A new $15 million lawsuit sheds more light on last year’s name change of prominent class action law firm Milberg.
In a Manhattan Supreme Court lawsuit filed Wednesday, a convicted former partner alleges the deal—in which Milberg attorneys began to practice under the Milberg Tadler Phillips Grossman name—was part of a “fraudulent scheme” to evade Milberg’s creditors, including the former partner.
Steven G. Schulman, a now-disbarred attorney and former equity partner of the legacy firm, said he is owed more than $15 million under a 2009 court judgment and has been getting monthly payments from the firm until August last year—about a year after the firms signed a deal to transfer assets.
The suit was filed against both the previous and current Milberg firms as well as managing partner Ariana Tadler and partners Glenn Phillips, Marc Grossman and Peggy Wedgworth.
In an email, Tadler said, “We are not going to comment on Mr. Schulman’s accusations. We are focused on the future of our firm.”
Schulman was one of several former Milberg partners caught up in a kickback scheme that tarnished the history of one of the most powerful securities class action firms in the country. A federal grand jury in 2006 indicted Milberg Weiss Bershad & Schulman and Schulman for their role in paying millions of dollars in kickbacks to people who would serve as name plaintiffs in class actions and derivative lawsuits.
Schulman in October 2007 pleaded guilty to a racketeering conspiracy charge and agreed to forfeit $1.85 million and pay a fine of up to $250,000. Schulman, sentenced to six months in jail, was released in 2009. Ultimately three other former Milberg Weiss partners pleaded guilty to charges, including David Bershad, William Lerach and Melvyn Weiss.
Shortly after pleading guilty, Schulman brought an arbitration in 2007 against Milberg, arguing he was entitled to certain payments from the firm. In 2009, then Manhattan Supreme Court Justice Marylin Diamond confirmed an arbitration judgment directing Milberg to pay Schulman on a set schedule for certain categories, including for his withdrawal from the firm and from his capital account.
For instance, the judgment ordered Milberg to pay Schulman $3.1 million in January 2009, while Milberg was to pay Schulman monthly capital account payments from his $16.3 million capital account and monthly “base amount” payments.
Schulman’s complaint said following the 2009 judgment until August 2018, he consistently received the monthly payments. Those amounts had to be capped, under the terms of the partnership agreement, and the amounts owed but not paid due to the cap were simply deferred to the next month, the complaint said.
In each successive month, with a few exceptions, the amount of each monthly payment increased, his complaint said, adding he was the firm’s largest creditor.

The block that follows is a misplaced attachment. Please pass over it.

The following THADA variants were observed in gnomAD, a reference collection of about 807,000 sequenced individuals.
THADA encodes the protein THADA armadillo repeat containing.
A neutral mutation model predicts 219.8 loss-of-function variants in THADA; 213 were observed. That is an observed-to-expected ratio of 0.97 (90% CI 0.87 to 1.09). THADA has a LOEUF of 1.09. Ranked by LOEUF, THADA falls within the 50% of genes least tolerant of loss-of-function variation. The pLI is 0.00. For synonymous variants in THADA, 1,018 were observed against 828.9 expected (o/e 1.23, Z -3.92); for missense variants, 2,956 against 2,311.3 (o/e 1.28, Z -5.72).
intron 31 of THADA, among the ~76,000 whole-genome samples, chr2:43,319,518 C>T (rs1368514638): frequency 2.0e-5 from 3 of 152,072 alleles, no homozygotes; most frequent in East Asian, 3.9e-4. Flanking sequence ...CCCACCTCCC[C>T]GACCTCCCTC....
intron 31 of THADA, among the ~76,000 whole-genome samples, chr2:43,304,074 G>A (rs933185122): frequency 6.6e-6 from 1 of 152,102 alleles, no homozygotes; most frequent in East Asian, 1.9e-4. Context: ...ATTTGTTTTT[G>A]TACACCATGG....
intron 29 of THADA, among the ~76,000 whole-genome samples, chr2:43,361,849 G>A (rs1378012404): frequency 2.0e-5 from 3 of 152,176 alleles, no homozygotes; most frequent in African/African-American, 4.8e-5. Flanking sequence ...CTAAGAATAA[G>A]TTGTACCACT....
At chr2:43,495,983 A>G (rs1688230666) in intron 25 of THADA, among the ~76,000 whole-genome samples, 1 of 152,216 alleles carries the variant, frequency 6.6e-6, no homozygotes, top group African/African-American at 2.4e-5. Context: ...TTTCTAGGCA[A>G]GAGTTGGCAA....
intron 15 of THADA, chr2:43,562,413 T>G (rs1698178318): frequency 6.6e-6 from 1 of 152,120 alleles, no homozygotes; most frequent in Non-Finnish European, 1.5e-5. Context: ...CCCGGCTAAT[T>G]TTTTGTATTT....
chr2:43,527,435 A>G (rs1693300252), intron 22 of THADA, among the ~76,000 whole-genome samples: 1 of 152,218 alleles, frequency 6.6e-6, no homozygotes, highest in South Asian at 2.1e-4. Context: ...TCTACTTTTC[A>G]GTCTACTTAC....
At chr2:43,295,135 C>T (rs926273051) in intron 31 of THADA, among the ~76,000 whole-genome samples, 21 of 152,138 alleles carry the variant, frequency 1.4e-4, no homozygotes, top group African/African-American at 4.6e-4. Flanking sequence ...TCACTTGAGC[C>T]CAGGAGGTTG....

Then, in September 2017, according to Schulman’s court documents, Milberg and Milberg Tadler Phillips Grossman signed an agreement in which Milberg assigned substantially all of its assets to the other firm.
Those assets included all “active files,” Schulman’s complaint said. When Milberg’s successor firm was established—which the complaint dubs “Milberg II”—all of the prior firm’s assets were transferred, but the firm “attempted to leave in Milberg, now an empty shell, debts owed to creditors,” Schulman alleges.
When Milberg announced the deal in January 2018, it heralded a “strategic combination” with Sanders Phillips Grossman, a national mass torts and personal injury firm, in which the firms would join forces under the moniker Milberg Tadler Phillips Grossman.
Eight months later, in August 2018, Schulman said he stopped receiving monthly payments. Around this time, he said he received a letter in which Tadler, the managing partner, told him Milberg “will no longer make any further payments to you as a retired legacy partner because it does not have the operating cash or profits to continue to do so.”
But Schulman claims Milberg received tens of millions of dollars in legal fees from three cases in the last two years, including class actions against Merck & Co; Household International, a unit of HSBC; and Vivendi Universal S.A.
Instead of using those fees to capitalize the Milberg firm, its management committee distributed a substantial amount to current Milberg equity partners, the complaint alleges. “The distributions were part of a common plan and scheme by defendants to fraudulently avoid non-essential creditors, most particularly Schulman, its largest creditor, by stripping Milberg of its assets and continuing Milberg’s law practice under Milberg II,” Schulman alleges.
Schulman said he recovered some amounts of the payments he was due for September, October and November 2018, after a sealed proceeding, but his Jan. 2 lawsuit is seeking a declaration that Milberg II is an alter ego or successor of Milberg and is thus responsible for Milberg’s debts. Schulman is also asserting fraudulent conveyance claims against the firms and the partners.
Schulman’s attorney, Eisner partner Leslie Corwin, said he’s aware of other former Milberg partners who are also owed money, but he declined to discuss those details.
“They started a whole new firm and they’re trying to carve out the creditors,” he said. “It’s the ultimate Chutzpah.” Corwin described Schulman as a “key person in the firm being as successful as it was.”